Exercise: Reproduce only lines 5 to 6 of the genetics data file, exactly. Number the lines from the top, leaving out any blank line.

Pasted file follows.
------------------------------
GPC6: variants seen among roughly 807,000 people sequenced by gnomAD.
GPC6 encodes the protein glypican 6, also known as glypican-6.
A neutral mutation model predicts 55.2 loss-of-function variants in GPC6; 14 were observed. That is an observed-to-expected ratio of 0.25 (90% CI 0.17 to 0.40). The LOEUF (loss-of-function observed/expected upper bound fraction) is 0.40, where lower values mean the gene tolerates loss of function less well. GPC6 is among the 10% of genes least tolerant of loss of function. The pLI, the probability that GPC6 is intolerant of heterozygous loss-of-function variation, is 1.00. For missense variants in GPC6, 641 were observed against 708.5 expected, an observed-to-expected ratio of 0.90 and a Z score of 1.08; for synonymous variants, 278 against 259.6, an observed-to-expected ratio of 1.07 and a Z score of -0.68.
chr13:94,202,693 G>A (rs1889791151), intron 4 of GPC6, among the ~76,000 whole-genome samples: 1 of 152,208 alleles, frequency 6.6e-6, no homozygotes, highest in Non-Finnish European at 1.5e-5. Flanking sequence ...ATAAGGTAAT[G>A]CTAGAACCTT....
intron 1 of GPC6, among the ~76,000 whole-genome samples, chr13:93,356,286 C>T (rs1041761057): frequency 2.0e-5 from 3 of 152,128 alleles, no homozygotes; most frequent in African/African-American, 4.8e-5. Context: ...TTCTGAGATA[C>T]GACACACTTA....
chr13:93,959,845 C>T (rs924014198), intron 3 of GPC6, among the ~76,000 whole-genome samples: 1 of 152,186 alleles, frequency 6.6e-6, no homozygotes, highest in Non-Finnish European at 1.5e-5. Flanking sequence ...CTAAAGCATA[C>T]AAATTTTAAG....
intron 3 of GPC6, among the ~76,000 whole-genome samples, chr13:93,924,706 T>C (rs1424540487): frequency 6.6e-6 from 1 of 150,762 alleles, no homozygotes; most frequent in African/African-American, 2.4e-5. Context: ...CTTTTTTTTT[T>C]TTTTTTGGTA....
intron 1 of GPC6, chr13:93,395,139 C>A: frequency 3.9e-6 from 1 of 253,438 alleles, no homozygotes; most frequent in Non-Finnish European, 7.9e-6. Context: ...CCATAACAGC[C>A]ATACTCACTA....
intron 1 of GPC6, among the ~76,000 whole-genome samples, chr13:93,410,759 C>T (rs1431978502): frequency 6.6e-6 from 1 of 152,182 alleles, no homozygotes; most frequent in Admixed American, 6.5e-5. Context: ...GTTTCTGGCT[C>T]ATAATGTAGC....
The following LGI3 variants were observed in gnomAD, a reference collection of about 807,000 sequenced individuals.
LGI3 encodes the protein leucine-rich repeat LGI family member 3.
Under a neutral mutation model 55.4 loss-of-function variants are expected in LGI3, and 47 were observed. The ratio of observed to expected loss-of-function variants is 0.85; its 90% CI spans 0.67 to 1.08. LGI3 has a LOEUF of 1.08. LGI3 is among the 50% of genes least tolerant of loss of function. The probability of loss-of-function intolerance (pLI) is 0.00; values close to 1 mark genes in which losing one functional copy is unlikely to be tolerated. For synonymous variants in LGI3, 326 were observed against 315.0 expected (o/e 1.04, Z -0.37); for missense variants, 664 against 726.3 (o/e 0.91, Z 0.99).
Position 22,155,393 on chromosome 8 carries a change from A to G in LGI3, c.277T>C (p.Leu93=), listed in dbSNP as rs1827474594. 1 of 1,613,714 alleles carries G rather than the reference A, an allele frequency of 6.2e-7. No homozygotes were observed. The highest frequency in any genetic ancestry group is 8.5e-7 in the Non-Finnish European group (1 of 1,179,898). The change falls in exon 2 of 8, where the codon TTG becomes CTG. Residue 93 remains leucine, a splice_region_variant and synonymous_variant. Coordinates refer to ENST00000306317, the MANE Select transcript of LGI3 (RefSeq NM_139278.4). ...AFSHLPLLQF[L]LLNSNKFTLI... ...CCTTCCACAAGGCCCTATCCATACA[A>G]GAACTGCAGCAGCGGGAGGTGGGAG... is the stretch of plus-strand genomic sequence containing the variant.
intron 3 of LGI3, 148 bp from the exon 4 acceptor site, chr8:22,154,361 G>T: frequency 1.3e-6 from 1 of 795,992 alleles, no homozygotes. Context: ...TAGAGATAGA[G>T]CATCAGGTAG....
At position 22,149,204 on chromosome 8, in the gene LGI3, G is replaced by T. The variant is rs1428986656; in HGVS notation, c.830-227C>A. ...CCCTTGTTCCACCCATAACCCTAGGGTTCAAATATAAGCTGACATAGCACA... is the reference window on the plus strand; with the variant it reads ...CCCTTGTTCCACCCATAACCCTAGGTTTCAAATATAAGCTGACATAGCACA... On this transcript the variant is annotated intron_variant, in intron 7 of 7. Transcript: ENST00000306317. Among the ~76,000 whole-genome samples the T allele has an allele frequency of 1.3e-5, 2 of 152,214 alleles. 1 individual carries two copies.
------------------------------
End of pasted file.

intron 1 of GPC6, among the ~76,000 whole-genome samples, chr13:93,356,286 C>T (rs1041761057): frequency 2.0e-5 from 3 of 152,128 alleles, no homozygotes; most frequent in African/African-American, 4.8e-5. Context: ...TTCTGAGATA[C>T]GACACACTTA....
chr13:93,959,845 C>T (rs924014198), intron 3 of GPC6, among the ~76,000 whole-genome samples: 1 of 152,186 alleles, frequency 6.6e-6, no homozygotes, highest in Non-Finnish European at 1.5e-5. Flanking sequence ...CTAAAGCATA[C>T]AAATTTTAAG....